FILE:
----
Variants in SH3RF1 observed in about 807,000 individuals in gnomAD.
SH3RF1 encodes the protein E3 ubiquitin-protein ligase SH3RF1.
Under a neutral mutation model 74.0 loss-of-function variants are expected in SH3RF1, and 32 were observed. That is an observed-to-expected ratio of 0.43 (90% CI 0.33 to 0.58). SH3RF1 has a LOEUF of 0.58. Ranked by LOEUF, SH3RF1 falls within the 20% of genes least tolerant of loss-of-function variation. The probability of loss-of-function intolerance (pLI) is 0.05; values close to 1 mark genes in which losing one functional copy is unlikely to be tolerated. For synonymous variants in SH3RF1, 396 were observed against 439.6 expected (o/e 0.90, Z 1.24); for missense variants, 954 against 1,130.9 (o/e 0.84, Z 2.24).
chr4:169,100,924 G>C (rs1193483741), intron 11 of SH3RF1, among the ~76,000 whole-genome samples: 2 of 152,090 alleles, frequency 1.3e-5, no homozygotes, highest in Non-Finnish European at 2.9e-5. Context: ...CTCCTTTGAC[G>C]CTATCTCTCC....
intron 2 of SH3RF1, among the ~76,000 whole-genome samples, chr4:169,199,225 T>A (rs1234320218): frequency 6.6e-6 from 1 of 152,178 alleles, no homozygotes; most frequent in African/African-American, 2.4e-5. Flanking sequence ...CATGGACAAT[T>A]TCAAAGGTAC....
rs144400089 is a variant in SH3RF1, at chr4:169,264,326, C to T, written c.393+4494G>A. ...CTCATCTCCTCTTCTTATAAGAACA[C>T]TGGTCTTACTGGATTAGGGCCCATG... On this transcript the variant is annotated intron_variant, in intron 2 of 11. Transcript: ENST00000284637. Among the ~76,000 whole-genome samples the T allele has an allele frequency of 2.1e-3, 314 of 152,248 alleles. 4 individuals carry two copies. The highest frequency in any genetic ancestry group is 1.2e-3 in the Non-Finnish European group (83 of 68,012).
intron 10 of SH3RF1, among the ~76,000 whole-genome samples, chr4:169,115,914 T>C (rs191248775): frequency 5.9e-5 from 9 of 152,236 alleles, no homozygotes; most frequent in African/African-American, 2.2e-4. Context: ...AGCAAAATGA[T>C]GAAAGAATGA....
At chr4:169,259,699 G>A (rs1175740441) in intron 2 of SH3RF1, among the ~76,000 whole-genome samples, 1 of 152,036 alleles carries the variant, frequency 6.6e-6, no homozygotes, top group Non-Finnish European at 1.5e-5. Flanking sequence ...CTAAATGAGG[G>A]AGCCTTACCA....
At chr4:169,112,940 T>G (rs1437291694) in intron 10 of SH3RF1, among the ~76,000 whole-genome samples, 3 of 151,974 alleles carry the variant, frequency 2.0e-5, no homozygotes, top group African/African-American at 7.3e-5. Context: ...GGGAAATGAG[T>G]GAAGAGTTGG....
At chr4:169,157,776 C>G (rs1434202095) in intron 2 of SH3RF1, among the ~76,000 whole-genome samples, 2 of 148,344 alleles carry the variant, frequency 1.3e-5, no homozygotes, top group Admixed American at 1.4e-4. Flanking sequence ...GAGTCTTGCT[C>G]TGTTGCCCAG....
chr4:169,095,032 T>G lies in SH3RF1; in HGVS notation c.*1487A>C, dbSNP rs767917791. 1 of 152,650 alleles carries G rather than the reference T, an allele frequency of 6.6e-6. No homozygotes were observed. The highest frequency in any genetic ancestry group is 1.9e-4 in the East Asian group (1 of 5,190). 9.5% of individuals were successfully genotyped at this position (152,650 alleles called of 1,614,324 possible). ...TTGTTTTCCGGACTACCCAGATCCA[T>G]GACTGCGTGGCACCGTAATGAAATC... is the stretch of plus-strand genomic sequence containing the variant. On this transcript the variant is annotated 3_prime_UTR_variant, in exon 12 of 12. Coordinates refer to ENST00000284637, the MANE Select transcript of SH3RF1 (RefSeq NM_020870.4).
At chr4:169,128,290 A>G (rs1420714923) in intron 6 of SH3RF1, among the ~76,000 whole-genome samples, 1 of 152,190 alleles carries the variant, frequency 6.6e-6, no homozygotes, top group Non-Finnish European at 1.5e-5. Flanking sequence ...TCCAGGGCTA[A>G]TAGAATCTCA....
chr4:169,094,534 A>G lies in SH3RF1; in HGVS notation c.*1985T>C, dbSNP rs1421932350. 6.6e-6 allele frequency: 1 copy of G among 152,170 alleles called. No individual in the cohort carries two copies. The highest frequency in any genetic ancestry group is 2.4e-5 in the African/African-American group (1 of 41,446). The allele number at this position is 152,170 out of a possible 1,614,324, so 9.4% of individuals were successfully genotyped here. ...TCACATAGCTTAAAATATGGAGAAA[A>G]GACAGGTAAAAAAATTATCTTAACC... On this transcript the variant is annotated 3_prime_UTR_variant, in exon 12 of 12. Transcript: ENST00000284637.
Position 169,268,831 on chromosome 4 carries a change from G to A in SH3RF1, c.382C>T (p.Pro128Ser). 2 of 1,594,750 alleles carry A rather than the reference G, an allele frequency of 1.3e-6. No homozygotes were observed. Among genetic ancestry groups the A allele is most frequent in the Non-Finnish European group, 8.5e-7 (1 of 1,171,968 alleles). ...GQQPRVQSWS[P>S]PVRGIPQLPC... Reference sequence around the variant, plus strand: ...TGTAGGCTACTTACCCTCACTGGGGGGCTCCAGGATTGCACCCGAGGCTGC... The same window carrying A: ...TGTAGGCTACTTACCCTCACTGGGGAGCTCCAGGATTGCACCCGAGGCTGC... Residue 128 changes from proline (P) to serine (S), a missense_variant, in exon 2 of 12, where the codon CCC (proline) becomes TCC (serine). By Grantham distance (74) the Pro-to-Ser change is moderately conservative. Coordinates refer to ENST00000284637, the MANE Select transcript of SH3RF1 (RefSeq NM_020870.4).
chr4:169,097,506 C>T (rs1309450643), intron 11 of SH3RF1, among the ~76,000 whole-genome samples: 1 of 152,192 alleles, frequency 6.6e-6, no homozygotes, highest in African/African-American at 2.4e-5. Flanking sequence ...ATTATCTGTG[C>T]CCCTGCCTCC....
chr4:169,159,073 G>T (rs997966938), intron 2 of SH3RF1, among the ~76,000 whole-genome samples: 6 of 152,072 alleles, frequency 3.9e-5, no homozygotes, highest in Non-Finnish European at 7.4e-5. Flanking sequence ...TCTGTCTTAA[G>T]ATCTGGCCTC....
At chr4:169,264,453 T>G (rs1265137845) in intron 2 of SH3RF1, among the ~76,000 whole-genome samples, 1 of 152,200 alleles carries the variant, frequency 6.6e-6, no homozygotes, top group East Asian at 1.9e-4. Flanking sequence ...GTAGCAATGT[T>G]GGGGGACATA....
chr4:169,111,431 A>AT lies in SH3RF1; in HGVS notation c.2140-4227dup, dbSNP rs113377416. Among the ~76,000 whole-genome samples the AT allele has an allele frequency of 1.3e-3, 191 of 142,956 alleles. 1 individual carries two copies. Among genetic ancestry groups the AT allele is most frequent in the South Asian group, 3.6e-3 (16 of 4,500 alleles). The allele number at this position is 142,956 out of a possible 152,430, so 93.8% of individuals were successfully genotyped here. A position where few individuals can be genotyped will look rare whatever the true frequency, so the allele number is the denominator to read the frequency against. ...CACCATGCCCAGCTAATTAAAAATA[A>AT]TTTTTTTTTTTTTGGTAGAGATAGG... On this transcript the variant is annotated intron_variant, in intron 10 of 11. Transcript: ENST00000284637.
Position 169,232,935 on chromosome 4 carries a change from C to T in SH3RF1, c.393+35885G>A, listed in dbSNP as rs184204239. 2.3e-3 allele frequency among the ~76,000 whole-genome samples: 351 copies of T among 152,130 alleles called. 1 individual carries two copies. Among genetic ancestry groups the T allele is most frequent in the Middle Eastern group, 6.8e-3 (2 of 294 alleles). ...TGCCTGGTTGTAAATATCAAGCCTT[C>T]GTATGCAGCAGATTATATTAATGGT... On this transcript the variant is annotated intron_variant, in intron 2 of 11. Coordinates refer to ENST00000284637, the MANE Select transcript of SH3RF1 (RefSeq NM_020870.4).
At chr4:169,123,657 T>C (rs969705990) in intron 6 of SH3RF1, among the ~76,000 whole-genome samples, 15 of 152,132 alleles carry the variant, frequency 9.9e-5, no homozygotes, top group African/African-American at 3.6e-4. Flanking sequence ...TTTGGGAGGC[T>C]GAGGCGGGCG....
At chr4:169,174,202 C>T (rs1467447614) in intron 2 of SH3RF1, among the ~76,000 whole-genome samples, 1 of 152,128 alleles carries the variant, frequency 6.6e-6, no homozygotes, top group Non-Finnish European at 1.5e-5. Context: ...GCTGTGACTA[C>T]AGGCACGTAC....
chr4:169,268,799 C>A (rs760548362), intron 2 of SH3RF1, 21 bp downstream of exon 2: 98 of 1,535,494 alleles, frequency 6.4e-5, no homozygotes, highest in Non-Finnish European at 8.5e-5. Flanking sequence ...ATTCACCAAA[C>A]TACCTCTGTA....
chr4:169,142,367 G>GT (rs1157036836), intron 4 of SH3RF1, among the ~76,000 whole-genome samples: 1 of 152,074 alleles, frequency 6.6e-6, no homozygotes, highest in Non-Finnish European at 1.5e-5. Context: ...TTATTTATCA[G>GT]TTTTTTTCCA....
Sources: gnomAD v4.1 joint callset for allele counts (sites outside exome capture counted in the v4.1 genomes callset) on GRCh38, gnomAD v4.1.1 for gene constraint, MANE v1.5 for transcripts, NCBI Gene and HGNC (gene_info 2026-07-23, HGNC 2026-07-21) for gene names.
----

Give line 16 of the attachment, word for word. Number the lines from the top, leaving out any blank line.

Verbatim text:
chr4:169,159,073 G>T (rs997966938), intron 2 of SH3RF1, among the ~76,000 whole-genome samples: 6 of 152,072 alleles, frequency 3.9e-5, no homozygotes, highest in Non-Finnish European at 7.4e-5. Flanking sequence ...TCTGTCTTAA[G>T]ATCTGGCCTC....